The effect of Japan’s “lost decade” lingers today, nearly ten years later, and there are still few signs of convincing recovery. Faced with new challenges of recovery and reconstruction from the Great East Japan Earthquake, Japan’s economy will likely continue to confront medium- to long-term constraints that lie ahead, including further population decline, a lower birthrate combined with population aging, and accumulating fiscal deficits. Viewing the current situation it is hard to say that deflation is under control. Advancing strength of the yen and low stock prices tied with the increasing sovereign risk in Europe and the United States are making it increasingly difficult to identify a new growth path.... [Read more]

No.Array
No.9 ,Economy  Dec 08, 2011

SHIFTING TO A COUNTRY THAT INCREASES GROSS NATIONAL INCOME (GNI) INSTEAD OF GROSS DOMESTIC PRODUCT (GDP)

Photo : Nagahama Toshihiro

The Great East Japan Earthquake has forced Japanese companies to renew their awareness of the risks of operating in Japan. Meanwhile, the extremely strong yen, at less than 77 yen to the dollar, has become a persistent condition. Japanese companies, mainly manufacturers, are hit hard by the reduced export competitiveness resulting from the exchange rate. The yen is expected to remain strong for some time since investors have no choice but to buy yen given the euro zone debt crisis and the slumping economy in the United States. On top of this, rapid aging of society and the declining birthrate have made falling domestic demand inevitable. This has... [Read more]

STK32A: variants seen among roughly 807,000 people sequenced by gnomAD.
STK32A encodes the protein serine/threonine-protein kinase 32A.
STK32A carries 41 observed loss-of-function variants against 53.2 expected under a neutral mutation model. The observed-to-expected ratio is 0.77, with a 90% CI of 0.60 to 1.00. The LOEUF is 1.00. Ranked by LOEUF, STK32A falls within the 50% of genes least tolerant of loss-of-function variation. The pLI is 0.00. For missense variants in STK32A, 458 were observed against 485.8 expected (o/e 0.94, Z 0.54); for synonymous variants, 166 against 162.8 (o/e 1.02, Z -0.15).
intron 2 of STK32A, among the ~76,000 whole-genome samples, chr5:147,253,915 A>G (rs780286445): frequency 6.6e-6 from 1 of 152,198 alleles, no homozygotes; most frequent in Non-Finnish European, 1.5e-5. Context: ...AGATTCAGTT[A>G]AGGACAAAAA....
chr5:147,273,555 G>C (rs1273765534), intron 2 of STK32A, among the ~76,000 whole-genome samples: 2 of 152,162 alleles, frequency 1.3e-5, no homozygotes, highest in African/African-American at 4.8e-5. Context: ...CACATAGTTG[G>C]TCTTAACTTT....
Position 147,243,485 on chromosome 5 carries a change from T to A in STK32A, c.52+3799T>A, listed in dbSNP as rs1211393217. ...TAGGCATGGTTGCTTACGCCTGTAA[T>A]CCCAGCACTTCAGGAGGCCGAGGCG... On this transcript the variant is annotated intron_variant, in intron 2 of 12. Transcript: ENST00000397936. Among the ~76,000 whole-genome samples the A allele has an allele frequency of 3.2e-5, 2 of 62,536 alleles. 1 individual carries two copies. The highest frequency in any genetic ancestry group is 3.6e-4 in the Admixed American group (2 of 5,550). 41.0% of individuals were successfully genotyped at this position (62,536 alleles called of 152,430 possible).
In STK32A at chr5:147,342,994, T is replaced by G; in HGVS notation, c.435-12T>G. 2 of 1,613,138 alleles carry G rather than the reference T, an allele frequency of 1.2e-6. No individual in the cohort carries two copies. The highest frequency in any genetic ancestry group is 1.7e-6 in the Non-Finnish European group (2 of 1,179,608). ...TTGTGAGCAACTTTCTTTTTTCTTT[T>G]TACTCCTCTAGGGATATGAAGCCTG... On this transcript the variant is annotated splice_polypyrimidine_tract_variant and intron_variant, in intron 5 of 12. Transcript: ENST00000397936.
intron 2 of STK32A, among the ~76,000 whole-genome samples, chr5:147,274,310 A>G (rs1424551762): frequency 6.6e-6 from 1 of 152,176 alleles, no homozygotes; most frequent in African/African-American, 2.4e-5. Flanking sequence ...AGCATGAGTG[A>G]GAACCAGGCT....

No.9
No.9 ,Economy  Dec 07, 2011

WORRY ABOUT HOLLOWING OUT FOR THE RIGHT REASONS – LIQUIDITY OF RESOURCES IS IMPORTANT TO QUICKLY FILL EMPTY SPACES AFTER COMPANIES LEAVE

KOMINE Takao, professor at the Graduate School of Regional Policy Design at Hosei University; Project Leader at the 21st Century Public Policy Institute

Globalization and foreign direct investment of companies We can begin to think about this from the first step. Corporate activities are globalized in two ways: international trade and direct investment. Until the 1970s, the globalization of Japanese companies was overwhelmingly centered on international trade. Japan imported energy and raw materials, which it lacks, and manufactured industrial products and exported them. Production bases were located in Japan, and the imported products centered on those Japan cannot produce domestically. Therefore, hollowing was not a topic of discussion.... [Read more]

No.9
No.9 ,Economy  Dec 06, 2011

DETERMINED TO BUILD A WORLD AFTER STEVE JOBS

Photo : Natsuno Takeshi

A messiah for users On October 5, 2011, Apple Inc. CEO Steve Jobs passed away. The news shocked the world, indicating just how big his global influence was. Jobs was indeed a messiah for people all over the world. Products he created revolutionized the cell phone and telecommunications industries and their users. In the early 2000s, long before the release of Apple’s iPhone smartphones, everyone in Japan was using cell phones that could... [Read more]

No.8
No.8 ,Economy  Oct 07, 2011

THE NATION NEEDS TO CONDUCT FISCAL POLICY REFORMS THAT CORRECT THE UNFAIRNESS BETWEEN THE GENERATIONS

As society ages, childbirth declines, and the economy globalizes, the Japanese economy and its fiscal situation have continued to stagnate and worsen since the collapse of the bubble economy in 1990. Public debt is about to reach a figure that is about 200% of our gross domestic product (GDP). And when the Great East Japan Earthquake hit on March 11, the situation was exacerbated. While recovering from the quake is important, we must at the same time work on two reforms today to solve the medium- to long-term issues faced by Japan. One is a growth strategy to increase the potential growth rate of the Japanese economy, and the other is correcting the unfairness between the generations by reforming fiscal policy and social security. In terms of the latter, the politicians are currently split between being pro-tax increase and anti-tax increase, but this is ... ... [Read more]